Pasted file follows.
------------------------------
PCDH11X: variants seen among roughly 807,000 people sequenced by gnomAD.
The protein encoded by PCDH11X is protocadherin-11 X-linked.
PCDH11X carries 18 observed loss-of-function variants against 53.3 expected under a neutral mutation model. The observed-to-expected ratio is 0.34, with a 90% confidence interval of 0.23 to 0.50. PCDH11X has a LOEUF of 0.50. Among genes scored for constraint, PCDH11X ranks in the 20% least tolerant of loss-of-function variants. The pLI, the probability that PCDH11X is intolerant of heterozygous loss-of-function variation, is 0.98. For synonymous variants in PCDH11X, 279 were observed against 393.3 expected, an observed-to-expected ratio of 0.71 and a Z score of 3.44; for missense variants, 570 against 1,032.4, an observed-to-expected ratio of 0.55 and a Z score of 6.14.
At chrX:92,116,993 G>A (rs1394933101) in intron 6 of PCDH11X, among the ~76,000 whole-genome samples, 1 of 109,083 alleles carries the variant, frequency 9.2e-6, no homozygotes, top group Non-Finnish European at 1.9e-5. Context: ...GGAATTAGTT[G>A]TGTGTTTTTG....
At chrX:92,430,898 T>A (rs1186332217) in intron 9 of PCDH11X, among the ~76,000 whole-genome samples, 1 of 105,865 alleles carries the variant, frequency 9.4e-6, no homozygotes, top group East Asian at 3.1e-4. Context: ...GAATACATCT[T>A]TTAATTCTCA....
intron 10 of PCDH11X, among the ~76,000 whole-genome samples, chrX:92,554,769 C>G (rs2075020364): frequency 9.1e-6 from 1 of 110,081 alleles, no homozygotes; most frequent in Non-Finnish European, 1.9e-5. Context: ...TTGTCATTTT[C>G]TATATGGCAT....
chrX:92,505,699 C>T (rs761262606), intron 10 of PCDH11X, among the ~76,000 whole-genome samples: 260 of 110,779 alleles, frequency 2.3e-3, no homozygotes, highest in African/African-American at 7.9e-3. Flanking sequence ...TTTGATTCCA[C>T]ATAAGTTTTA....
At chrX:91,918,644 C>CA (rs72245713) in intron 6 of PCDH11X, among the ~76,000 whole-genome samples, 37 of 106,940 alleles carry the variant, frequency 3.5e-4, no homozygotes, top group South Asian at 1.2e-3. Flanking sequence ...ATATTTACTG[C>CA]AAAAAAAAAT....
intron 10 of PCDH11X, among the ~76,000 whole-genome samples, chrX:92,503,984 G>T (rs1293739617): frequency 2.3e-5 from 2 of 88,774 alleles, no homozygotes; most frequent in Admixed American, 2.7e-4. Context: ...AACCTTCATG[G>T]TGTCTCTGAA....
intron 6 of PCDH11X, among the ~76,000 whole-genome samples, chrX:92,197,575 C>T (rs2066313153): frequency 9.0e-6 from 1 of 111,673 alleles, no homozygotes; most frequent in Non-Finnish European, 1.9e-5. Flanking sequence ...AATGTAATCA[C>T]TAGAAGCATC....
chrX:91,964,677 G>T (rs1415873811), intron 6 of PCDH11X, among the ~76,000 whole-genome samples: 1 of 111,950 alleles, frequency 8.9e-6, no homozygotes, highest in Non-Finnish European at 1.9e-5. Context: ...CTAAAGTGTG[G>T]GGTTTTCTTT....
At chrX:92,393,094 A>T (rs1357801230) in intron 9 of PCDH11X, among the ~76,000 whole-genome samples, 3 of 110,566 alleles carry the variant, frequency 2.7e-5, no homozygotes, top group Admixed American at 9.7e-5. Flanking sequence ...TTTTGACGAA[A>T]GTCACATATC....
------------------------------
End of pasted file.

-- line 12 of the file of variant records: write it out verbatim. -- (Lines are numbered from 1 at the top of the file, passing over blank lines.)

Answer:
At chrX:92,393,094 A>T (rs1357801230) in intron 9 of PCDH11X, among the ~76,000 whole-genome samples, 3 of 110,566 alleles carry the variant, frequency 2.7e-5, no homozygotes, top group Admixed American at 9.7e-5. Flanking sequence ...TTTTGACGAA[A>T]GTCACATATC....